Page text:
Studies were performed in HEK293 cells maintained in Dulbecco’s modified Eagle’s medium–GlutaMAX medium (Thermo Fisher Scientific) with 10% fetal bovine serum (Gibco) at 37°C and 5% CO2. Mutations were introduced into the pEGFP-N1-CaSRWT construct by site-directed mutagenesis using the QuikChange Lightning kit (Agilent Technologies) and gene-specific primers (Sigma-Aldrich), as described (46, 47). Engineered mutations were verified using dideoxynucleotide sequencing with the BigDye Terminator v3.1 Cycle Sequencing kit (Life Technologies) and an automated detection system (ABI3730 automated capillary sequencer, Applied Biosystems), as previously reported (48). Wild-type and mutant CaSR pEGFP-N1 constructs and luciferase reporter constructs (pGL4.30-NFAT and pGL4.33-SRE, Promega) were transiently transfected into HEK293 cells using Lipofectamine 2000 (Life Technologies) 48 hours before the experiments, as described (49). Single siRNAs targeting β-arrestin1 (catalog no. 6218S, Cell Signaling Technology) or β-arrestin2 (catalog no. sc-29208, Santa Cruz Biotechnology) or scrambled siRNA (catalog no. SR301839, OriGene) was transfected 24 hours before the experiments at a concentration of 100 nM. Successful transfection was confirmed by Western blot analysis, with the calnexin housekeeping protein being used as a loading control (46). Primary antibodies recognizing the following proteins were used for Western blot analysis at a dilution of 1:1000: CaSR (ADD, ab19347, Abcam), calnexin (Ab2301, Millipore), phosphorylated ERK1/2 (9101L, Cell Signaling Technology), total ERK1/2 (4695S, clone 137F5, Cell Signaling Technology), plasma membrane calcium adenosine triphosphatase (PMCA1) (ab190355, Abcam), β-arrestin1 (ab175266, Abcam), and β-arrestin2 (H-9, sc-13140, Santa Cruz Biotechnology). The Western blots were visualized using an Immun-Star WesternC kit (Bio-Rad) on a Bio-Rad ChemiDoc XRS+ system (46). For cell fractionation studies, cells were transfected with CaSR constructs, and 48 hours later, plasma membrane and cytoplasmic fractions were isolated using a plasma membrane extraction kit (catalog no. 65400, Abcam), as described (50). Plasma membrane fractions were dissolved in 0.5% Triton X-100 in phosphate-buffered saline (PBS), and the cytoplasmic fraction was dissolved in the supplied homogenization buffer. Each fraction was resuspended in Laemmli buffer, and Western blot analysis was performed, as described (48). Calnexin was used as a loading control for cytoplasmic fractions, and the PMCA1 protein was used as a loading control for plasma membrane fractions. For studies of phosphorylated proteins, cells were treated for 5 min with either 0 or 5 mM Ca2+e before lysis, and proteins were separated by SDS–polyacrylamide gel electrophoresis (PAGE). After transfer to polyvinylidene difluoride membranes, blots were preincubated (blocked) with 5% bovine serum albumin (BSA) in tris-buffered saline with Tween 20 (TBSt) (Sigma-Aldrich) before probing for phosphorylated ERK. Blots were stripped with Restore Plus Western Blot Stripping Buffer (Thermo Fisher Scientific) for 15 min and then blocked with nonfat dried milk powder (commercially available as Marvel) dissolved in TBSt and reprobed for total ERK. Densitometry was performed using ImageJ 1.30 software [National Institutes of Health (NIH)] and analyzed using GraphPad Prism software (GraphPad Software) and are expressed as means ± SEM. For studies involving NPS-2143 (ab145050, Abcam), cells were incubated either with dimethyl sulfoxide (DMSO; vehicle) or with 500 nM NPS-2143 in DMSO for 30 min before undertaking Fluo-4 Ca2+i experiments (18) and for 4 hours before undertaking luciferase reporter assay experiments (49).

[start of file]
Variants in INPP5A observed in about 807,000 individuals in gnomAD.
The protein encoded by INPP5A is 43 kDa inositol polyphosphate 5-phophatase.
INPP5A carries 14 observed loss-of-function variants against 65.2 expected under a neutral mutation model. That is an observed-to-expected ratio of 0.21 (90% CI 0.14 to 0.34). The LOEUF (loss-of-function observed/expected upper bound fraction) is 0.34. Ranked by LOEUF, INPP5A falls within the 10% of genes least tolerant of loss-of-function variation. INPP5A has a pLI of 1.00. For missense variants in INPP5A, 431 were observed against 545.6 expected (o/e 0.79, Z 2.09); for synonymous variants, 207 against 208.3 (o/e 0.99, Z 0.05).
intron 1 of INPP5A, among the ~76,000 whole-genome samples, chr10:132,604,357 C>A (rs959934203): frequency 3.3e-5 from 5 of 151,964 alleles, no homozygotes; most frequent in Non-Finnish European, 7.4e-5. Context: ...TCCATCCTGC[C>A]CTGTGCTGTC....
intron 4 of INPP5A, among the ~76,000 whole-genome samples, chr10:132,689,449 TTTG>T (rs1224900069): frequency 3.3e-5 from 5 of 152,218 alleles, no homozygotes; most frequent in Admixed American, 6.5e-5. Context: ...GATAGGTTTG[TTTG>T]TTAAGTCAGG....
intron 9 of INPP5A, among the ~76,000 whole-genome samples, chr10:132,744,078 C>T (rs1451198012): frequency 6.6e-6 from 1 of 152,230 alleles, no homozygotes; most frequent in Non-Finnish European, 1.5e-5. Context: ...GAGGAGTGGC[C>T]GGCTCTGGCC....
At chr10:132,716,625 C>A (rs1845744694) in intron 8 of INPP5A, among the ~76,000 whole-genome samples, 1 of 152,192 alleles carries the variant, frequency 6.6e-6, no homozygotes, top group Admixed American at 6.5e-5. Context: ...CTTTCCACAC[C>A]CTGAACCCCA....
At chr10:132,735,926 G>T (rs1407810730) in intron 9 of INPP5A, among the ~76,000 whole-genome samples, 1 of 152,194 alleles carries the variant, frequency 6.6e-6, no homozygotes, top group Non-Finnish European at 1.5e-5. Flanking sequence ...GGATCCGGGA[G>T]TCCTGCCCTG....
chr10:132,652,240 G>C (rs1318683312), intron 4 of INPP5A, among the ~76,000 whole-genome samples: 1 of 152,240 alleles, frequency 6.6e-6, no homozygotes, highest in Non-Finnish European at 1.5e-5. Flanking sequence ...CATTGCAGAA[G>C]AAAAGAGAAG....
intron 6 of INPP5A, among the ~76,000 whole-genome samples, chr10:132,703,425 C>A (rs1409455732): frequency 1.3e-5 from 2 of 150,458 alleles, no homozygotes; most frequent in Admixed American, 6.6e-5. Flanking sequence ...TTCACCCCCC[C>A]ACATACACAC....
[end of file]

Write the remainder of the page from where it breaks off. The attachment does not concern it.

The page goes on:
Surface biotinylation experiments